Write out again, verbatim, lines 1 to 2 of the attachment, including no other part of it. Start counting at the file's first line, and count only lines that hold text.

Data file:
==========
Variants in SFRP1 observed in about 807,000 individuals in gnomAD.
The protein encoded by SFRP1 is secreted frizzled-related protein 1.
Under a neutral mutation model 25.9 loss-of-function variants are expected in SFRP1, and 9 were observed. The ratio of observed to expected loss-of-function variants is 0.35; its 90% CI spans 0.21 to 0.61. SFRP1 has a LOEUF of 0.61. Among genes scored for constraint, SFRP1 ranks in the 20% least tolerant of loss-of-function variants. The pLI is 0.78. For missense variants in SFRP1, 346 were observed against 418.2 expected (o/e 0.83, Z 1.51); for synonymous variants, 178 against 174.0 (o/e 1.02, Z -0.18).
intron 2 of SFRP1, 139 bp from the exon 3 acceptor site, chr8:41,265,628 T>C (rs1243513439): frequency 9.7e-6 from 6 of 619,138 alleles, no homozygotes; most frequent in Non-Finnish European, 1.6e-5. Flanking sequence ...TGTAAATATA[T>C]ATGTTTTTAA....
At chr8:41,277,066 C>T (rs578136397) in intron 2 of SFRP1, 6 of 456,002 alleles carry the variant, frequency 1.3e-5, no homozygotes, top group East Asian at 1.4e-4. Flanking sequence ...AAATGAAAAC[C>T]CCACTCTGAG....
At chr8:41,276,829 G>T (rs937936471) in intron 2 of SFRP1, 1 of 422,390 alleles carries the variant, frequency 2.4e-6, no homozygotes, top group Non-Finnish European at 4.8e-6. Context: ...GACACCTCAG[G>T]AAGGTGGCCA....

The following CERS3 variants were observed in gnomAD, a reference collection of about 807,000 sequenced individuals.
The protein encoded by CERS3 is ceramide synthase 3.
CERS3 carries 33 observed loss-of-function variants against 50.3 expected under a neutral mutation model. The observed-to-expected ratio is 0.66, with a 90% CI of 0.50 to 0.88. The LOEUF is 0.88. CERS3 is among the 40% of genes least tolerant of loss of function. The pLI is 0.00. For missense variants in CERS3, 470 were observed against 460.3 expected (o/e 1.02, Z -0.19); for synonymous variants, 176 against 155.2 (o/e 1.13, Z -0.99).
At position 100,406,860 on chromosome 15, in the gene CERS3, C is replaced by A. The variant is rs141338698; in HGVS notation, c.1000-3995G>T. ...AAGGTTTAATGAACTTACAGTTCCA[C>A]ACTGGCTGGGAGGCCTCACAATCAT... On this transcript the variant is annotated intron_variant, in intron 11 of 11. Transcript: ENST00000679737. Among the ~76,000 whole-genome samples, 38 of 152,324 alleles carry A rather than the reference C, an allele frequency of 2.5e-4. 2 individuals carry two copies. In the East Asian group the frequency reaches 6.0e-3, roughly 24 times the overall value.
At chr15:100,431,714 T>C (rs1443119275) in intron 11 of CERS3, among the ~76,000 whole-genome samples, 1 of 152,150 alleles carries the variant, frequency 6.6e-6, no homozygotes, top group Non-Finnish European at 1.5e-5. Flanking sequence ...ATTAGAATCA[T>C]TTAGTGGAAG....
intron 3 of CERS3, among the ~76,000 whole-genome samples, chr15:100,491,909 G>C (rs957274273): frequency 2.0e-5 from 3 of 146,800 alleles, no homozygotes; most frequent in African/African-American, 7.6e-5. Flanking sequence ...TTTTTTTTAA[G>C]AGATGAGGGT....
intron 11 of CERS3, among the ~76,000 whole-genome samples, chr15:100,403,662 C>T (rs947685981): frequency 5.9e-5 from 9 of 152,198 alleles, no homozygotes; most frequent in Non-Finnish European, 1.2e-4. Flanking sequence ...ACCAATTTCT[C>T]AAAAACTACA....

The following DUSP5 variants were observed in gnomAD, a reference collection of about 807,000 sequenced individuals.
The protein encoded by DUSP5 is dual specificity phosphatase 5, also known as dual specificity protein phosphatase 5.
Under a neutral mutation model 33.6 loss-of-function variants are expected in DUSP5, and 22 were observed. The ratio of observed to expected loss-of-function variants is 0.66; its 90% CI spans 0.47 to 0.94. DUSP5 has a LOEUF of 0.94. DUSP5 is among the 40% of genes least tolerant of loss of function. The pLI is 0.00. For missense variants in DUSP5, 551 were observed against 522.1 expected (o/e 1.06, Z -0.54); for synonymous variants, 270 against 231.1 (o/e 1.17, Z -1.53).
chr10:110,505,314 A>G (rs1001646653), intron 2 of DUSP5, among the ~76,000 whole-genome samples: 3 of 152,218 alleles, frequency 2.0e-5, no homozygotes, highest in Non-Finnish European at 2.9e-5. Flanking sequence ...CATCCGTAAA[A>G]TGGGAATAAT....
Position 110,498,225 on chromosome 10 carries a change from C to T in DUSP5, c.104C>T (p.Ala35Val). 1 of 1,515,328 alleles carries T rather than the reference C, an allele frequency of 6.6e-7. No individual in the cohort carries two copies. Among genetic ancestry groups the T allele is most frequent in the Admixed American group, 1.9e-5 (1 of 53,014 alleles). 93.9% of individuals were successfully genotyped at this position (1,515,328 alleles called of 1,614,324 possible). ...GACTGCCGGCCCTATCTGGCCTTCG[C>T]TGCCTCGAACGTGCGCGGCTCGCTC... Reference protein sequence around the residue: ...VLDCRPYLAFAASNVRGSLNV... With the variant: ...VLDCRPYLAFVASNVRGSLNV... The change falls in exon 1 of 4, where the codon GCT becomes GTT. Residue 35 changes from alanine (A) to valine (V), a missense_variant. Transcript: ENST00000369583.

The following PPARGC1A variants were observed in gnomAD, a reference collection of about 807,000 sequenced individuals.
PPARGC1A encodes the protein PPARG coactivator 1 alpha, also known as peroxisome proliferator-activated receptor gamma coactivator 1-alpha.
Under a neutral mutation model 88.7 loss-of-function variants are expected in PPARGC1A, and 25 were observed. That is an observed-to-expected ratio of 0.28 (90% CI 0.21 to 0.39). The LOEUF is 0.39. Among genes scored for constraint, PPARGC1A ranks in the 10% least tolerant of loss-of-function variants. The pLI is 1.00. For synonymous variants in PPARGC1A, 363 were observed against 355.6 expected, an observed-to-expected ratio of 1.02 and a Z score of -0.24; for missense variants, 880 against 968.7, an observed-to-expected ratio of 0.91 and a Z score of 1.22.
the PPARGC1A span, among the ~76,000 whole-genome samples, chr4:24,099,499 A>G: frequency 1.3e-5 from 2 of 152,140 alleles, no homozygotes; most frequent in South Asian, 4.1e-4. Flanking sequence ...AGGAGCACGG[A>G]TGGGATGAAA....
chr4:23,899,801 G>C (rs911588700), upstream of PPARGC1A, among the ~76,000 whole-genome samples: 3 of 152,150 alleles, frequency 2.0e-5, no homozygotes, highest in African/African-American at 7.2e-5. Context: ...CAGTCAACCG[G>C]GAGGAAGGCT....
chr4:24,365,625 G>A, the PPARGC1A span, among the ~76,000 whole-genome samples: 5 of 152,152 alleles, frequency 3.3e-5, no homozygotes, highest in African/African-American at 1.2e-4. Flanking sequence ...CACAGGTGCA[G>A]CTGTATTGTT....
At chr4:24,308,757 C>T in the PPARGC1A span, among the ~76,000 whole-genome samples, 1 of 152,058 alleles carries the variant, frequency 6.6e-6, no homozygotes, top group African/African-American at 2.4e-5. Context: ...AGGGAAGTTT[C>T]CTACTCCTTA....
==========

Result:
Variants in SFRP1 observed in about 807,000 individuals in gnomAD.
The protein encoded by SFRP1 is secreted frizzled-related protein 1.